Big businesses fighting back against Trump

Starbucks Chairman and CEO Howard Schultz, shown in a 2016 file photo, says the company will hire 10,000 refugees over the next five years. The decision is in response to President Donald Trump's indefinite suspension of Syrian refugees and temporary travel bans that apply to six other Muslim-majority nations. (AP file)

(NEXSTAR) — Following a tumultuous first week of the Donald Trump administration, some of the United States’ biggest businesses are responding. Unhappy with his policies, his treatment of others, or the tone of his tweets, several CEOs are speaking with their budgets to protest President Trump.

Starbucks

The Seattle-based coffee giant announced plans to hire 10,000 refugees over the next five years in direct response to Trump’s executive order to prevent citizens from several Muslim-majority countries from entering the US.

CEO Howard Schultz was critical of Trump during his campaign and called for civility prior to the election.

“We are all obligated to ensure our elected officials hear from us individually and collectively. Starbucks is doing its part,” Schultz said in a statement.

Lyft

Ride-sharing service Lyft announced it will donate $1 million to the American Civil Liberties Union following Trump’s immigration order.

“Banning people of a particular faith or creed, race or identity, sexuality or ethnicity, from entering the U.S. is antithetical to both Lyft’s and our nation’s core values,” co-founders John Zimmer and Logan Green said in a statement.

Airbnb

Following the chaos Friday, Airbnb announced it would provide housing to refugees and anyone stuck overseas.

Airbnb CEO Brian Chesky tweeted, “Not allowing countries or refugees into America is not right, and we must stand with those who are affected.”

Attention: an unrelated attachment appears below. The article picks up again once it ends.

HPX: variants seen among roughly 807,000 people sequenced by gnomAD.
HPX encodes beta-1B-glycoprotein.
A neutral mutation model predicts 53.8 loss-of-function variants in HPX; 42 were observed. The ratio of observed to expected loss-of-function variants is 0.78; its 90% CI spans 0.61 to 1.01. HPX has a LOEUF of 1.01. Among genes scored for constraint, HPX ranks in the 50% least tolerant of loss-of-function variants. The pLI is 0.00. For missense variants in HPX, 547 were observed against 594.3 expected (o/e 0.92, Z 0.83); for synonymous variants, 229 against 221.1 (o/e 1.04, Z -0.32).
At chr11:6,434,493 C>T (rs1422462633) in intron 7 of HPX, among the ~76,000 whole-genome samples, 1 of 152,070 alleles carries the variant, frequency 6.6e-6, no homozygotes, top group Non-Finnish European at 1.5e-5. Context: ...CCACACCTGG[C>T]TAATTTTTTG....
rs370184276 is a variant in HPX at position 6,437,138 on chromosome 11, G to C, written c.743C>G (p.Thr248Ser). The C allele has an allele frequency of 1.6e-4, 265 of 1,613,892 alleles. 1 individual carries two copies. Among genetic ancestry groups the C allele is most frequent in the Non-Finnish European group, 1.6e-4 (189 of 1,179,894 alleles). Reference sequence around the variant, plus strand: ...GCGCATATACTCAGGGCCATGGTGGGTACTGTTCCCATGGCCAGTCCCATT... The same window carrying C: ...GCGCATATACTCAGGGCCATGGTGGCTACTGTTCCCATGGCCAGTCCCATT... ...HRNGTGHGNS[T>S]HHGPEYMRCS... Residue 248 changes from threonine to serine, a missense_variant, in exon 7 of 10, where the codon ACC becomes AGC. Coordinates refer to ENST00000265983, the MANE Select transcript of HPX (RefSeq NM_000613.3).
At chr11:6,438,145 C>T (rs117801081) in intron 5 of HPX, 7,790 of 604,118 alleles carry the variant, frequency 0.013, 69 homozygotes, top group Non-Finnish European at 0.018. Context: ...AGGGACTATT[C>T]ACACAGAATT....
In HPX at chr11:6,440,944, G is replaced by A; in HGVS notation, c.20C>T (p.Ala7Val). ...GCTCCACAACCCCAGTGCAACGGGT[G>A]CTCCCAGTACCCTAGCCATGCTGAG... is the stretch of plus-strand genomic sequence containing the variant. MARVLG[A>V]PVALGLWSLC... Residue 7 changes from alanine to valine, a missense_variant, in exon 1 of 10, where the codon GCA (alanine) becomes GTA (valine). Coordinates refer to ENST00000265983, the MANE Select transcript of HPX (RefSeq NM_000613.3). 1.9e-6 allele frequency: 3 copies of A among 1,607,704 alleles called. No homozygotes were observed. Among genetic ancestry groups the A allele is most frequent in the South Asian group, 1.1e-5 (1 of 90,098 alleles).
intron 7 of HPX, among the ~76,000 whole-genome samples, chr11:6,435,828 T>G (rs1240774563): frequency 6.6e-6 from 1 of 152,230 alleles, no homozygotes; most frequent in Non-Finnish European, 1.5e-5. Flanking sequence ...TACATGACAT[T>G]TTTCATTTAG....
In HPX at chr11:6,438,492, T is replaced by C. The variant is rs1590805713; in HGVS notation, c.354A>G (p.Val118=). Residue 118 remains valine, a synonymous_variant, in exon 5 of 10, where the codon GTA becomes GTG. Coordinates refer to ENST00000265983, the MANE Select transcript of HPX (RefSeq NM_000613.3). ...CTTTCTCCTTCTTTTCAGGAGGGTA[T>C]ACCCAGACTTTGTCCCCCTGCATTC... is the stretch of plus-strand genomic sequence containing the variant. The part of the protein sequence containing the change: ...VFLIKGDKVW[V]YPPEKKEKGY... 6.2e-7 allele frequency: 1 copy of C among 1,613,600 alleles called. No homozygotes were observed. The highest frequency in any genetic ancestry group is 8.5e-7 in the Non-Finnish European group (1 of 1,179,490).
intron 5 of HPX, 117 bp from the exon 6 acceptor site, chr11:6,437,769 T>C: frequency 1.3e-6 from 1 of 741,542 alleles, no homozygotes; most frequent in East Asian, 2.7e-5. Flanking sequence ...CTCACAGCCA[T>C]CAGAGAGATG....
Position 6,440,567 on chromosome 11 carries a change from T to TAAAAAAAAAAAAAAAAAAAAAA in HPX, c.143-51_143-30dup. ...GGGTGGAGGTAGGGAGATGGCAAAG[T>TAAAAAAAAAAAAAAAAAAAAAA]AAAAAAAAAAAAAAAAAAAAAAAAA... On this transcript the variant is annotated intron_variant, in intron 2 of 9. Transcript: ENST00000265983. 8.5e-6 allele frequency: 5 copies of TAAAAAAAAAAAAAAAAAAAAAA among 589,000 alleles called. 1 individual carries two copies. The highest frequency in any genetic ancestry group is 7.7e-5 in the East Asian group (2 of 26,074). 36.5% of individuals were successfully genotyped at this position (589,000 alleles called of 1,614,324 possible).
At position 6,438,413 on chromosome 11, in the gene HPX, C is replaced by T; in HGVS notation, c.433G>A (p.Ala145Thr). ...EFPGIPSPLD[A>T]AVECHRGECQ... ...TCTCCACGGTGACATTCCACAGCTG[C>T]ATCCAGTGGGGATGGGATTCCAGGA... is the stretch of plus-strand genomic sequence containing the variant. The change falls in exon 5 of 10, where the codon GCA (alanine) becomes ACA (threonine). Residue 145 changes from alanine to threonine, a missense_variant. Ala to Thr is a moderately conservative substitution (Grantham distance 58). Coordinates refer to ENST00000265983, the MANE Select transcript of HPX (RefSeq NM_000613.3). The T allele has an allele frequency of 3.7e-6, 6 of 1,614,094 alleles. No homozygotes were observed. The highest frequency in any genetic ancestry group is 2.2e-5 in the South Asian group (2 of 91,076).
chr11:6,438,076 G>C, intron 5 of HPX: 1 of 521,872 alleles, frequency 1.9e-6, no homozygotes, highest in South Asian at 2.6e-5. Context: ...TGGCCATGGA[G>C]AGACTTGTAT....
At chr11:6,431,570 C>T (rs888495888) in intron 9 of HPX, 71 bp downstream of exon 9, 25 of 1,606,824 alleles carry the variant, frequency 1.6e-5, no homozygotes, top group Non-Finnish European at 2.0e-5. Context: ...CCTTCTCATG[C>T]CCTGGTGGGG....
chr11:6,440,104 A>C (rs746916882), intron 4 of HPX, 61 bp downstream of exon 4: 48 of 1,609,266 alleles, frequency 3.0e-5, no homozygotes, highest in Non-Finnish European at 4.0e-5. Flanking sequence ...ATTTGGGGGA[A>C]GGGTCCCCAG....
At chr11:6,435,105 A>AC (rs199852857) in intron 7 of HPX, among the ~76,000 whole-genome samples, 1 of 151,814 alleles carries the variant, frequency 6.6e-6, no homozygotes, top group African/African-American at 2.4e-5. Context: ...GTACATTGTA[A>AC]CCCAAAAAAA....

Postmates

Postmates – a mobile food delivery service – is matching all donations made by Postmates employees to the ACLU and International Refugee Assistance Project.

In a statement, CEO Bastian Lehmann said, “The trade-off of these policies is obvious. In exchange for the guise of safety rooted in fear of those with different religious, ethnic and cultural backgrounds we will be abandoning the diverse melting pot of culture and ideas that has made the United States prosper.”

Google

Google announced Monday it is launching a crisis fund that could raise up to $4 million for four immigrant rights organizations. According to a USA Today report, the company is fronting $2 million and can be matched by donations from employees. The money will go toward the ACLU, the Immigrant Legal Resource Center, the International Rescue Committee and the U.N. Refugee Agency.

DoorDash

DoorDash CEO Tony Xu, an immigrant who moved to the U.S. more than 20 years ago, tweeted his disdain for Trump’s executive order, calling it a misguided, blunt solution to a complicated, nuanced problem.

Xu offered free food to all lawyers working pro bono over the weekend to help immigrants under duress from Trump’s order.